Pest pressure prompts regional decline in oilseed rape area

A field of oilseed rape near Wymondham. Photo: Steve Adams

A field of oilseed rape near Wymondham. Photo: Steve Adams

There could be fewer bright yellow fields across East Anglia this summer as many of the region's farmers have rejected oilseed rape (OSR) in favour of other crops, a survey suggests.

The eastern region has seen a 21pc decline in the number of hectares planted with OSR compared to the 2016 harvest, according to the AHDB (Agriculture and Horticulture Development Board) Winter Planting Survey.

The change is thought to be due to the threat posed by the cabbage stem flea beetle crop pest, and is a marked contrast to the southwest and north west of England, where estimated plantings have risen by 11pc and 13pc respectively.

The survey, showing plantings as at December 1, 2016, indicates that the English area of oilseed rape will be around 538Kha, so unless there is an increase in the spring area, or a rise in abandonment levels, the overall area is likely to be similar to last harvest. In other regions, oilseed rape still seems to remain the break crop of choice, possible due to higher prices at the time of planting, the study found.

AHDB market analyst Isobel Robinson said: 'This shift away from oilseed rape in the East is likely due to production pressures, including the potential risk from cabbage stem flea beetle damage.'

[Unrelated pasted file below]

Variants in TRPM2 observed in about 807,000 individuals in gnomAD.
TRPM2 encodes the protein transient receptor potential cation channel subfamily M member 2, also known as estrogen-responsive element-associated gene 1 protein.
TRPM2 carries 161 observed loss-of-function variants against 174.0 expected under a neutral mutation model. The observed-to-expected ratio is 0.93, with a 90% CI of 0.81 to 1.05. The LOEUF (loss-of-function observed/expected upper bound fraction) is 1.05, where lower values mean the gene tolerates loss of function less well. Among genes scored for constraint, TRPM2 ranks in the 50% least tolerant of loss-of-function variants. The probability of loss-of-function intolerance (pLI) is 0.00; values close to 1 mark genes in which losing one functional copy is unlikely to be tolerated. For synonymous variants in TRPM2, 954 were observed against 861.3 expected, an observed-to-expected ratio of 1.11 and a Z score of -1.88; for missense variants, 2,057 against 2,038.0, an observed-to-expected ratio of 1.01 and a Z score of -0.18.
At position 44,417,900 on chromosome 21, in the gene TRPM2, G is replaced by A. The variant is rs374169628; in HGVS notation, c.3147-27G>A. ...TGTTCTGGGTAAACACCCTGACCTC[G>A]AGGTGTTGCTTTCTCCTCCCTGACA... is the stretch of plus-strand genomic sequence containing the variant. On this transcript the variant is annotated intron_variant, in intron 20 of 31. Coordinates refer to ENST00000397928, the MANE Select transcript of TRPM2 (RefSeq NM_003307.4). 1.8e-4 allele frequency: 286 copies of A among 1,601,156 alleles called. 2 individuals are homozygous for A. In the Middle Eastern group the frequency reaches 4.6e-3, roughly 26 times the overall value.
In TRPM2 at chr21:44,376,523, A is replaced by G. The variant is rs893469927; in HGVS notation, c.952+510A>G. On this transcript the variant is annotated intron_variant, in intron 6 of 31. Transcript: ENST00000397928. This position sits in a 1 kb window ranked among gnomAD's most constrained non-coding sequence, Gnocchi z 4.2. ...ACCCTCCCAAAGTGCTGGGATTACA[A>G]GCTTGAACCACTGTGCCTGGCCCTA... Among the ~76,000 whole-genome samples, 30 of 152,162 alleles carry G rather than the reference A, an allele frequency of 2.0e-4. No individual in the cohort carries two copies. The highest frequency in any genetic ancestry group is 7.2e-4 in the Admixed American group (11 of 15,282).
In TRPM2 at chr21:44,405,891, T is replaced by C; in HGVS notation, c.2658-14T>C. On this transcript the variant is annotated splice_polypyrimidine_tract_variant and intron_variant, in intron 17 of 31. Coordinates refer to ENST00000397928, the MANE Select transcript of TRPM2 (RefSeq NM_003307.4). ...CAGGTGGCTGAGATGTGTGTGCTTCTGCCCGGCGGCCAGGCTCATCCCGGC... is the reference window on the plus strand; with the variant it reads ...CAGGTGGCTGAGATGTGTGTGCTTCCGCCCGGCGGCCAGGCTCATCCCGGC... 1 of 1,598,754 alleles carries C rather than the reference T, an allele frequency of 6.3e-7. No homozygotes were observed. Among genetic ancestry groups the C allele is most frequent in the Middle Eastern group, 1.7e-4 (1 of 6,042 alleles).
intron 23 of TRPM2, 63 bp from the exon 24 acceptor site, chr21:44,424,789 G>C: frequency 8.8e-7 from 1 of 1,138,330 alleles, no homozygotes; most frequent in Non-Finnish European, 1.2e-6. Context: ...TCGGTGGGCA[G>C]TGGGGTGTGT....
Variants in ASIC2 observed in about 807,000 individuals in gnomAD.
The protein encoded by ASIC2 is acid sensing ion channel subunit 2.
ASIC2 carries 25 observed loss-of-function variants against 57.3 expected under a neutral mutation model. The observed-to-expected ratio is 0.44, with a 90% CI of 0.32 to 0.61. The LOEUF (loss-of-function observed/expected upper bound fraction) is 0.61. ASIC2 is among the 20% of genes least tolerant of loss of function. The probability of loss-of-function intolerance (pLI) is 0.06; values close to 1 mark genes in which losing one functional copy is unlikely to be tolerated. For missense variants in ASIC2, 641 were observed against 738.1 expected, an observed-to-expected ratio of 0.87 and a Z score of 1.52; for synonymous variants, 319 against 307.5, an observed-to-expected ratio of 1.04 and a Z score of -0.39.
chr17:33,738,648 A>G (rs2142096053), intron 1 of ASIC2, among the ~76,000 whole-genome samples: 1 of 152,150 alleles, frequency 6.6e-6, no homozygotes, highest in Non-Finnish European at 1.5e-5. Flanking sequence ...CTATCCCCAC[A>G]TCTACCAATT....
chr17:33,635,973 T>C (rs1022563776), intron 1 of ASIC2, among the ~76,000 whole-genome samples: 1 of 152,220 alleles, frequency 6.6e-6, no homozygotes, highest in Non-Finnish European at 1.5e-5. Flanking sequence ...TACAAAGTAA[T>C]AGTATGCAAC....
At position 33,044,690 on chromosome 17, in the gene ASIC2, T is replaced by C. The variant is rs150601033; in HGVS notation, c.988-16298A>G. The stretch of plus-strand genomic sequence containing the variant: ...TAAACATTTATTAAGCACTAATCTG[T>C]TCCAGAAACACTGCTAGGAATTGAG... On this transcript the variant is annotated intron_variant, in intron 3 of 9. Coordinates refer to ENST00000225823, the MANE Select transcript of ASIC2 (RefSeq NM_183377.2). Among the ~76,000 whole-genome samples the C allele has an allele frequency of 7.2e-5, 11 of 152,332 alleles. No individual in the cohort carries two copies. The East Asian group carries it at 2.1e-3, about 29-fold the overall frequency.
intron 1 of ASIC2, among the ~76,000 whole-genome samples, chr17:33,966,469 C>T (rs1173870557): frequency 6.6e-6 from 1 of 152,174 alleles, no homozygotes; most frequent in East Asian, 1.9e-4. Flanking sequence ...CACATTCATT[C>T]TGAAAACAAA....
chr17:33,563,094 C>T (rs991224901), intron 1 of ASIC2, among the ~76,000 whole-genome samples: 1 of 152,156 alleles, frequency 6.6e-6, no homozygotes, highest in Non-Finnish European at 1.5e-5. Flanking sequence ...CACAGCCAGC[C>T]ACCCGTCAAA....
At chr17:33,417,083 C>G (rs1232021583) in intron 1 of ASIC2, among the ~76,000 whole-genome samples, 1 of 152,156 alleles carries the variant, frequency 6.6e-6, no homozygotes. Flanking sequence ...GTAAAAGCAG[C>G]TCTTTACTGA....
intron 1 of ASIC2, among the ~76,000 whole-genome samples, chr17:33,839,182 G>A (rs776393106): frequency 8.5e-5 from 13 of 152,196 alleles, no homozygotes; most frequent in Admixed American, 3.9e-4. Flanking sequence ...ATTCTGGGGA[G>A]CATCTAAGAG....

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The survey estimates the area planted in England and Wales of wheat and winter barley plus oilseed rape and oats in England at 2.59Mha. The bulk of this is wheat, at 1.59Mha, then oilseed rape (538Kha), winter barley (369Kha) and oats (95Kha).

England has seen a 6pc decline in wheat area, and the report suggests growers are considering longer rotations to control weeds and disease.

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'In recent years we have seen increased interest in cultural controls for weeds and disease, particularly black-grass, which has contributed to a rise in spring cropping. In addition, market conditions continue to challenge the economics of the whole rotation,' said Ms Robinson.

The survey says eastern region farmers have planted 2pc more winter barley than last year, and 15pc more oats, but the wheat area in the region is down by 6pc.

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